Health Team

'Concierge care' offers medicine with personal touch

As health care goes through major changes, so may the doctor-patient relationship. WRAL's Dr. Allen Mask explores the concept of "concierge care."

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GOLDSBORO, N.C. — After moving from Texas, Shena Santillana had trouble setting up appointments with doctors.

“When I finally did find a doctor here in North Carolina that I liked, they left and went to a different practice or whatever,” Santillana said.

She's thankful to have found Dr. Gaither, but even he is dealing with problems on the business side of his practice.

“Our costs are going up. Our reimbursements are dropping. We're required to see more patients in a day,” he said. “I want to decompress my day.”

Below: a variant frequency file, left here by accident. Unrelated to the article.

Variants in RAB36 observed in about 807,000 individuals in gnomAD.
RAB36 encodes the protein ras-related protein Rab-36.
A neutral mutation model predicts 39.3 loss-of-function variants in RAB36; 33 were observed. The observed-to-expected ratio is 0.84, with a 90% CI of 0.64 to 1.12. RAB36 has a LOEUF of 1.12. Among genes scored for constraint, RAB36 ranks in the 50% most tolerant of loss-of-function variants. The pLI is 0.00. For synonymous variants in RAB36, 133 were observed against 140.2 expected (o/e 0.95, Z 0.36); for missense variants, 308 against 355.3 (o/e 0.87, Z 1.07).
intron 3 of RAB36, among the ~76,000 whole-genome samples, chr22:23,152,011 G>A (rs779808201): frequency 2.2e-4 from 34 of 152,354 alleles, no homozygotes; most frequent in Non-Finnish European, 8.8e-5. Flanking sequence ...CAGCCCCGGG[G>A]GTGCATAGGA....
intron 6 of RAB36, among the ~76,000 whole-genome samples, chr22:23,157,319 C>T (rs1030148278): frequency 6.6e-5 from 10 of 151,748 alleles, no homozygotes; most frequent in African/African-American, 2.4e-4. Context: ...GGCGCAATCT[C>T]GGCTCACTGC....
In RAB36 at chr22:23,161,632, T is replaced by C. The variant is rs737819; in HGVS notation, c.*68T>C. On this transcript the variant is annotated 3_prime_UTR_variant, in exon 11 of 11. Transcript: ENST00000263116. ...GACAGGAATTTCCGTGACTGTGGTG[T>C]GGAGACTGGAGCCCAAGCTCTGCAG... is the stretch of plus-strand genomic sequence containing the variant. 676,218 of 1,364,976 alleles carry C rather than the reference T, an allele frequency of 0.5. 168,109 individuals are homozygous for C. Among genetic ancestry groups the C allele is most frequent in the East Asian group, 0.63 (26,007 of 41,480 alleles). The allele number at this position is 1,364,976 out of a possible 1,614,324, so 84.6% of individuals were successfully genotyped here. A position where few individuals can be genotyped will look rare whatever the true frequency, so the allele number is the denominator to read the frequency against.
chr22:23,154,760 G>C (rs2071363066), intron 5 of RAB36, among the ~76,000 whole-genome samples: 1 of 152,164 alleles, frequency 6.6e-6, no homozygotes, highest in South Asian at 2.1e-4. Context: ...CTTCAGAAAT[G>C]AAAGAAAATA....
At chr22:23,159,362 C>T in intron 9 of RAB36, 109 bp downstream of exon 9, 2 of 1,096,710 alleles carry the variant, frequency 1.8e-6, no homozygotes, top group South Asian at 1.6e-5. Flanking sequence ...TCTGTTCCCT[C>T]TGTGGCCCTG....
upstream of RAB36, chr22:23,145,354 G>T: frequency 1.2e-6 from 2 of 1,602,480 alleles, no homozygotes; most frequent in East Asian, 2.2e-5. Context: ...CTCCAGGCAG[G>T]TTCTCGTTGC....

Many doctors are choosing partnerships with hospitals, but Gaither has chosen to keep his private status by changing to a "membership care" model, also known as concierge care.

Concierge care isn't new, but it's growing dramatically. Older plans required patients to pay an annual fee in addition to their insurance co-pays. Those fees can be as high as $1,500 to $1,800 a year, an amount that only the well-to-do can afford.

But now there are packages that offer tiered pricing.

Skip Brickley, president and founder of Choice Care Advantage MD, says his tiered pricing starts at $300 a year.

Higher fees guarantee no wait times or even 24-hour, 365-day access to the doctor by phone or email.

The company takes care of the business end of the practice, while Dr. Gaither does what he got into medicine to do - spend more time with patients.

“Patients want to be heard. They want to be listened to,” he said.

Those who choose not to pay the annual fee can remain on their current insurance payments, but they may not see Dr. Gaither.

“We try and use extenders: nurse practitioners and physician assistants in non-critical instances,” Brickley said.

Santillana says she may be willing to pay an annual fee if it means more personalized care.

“You have one person looking at you as a whole,” she said.


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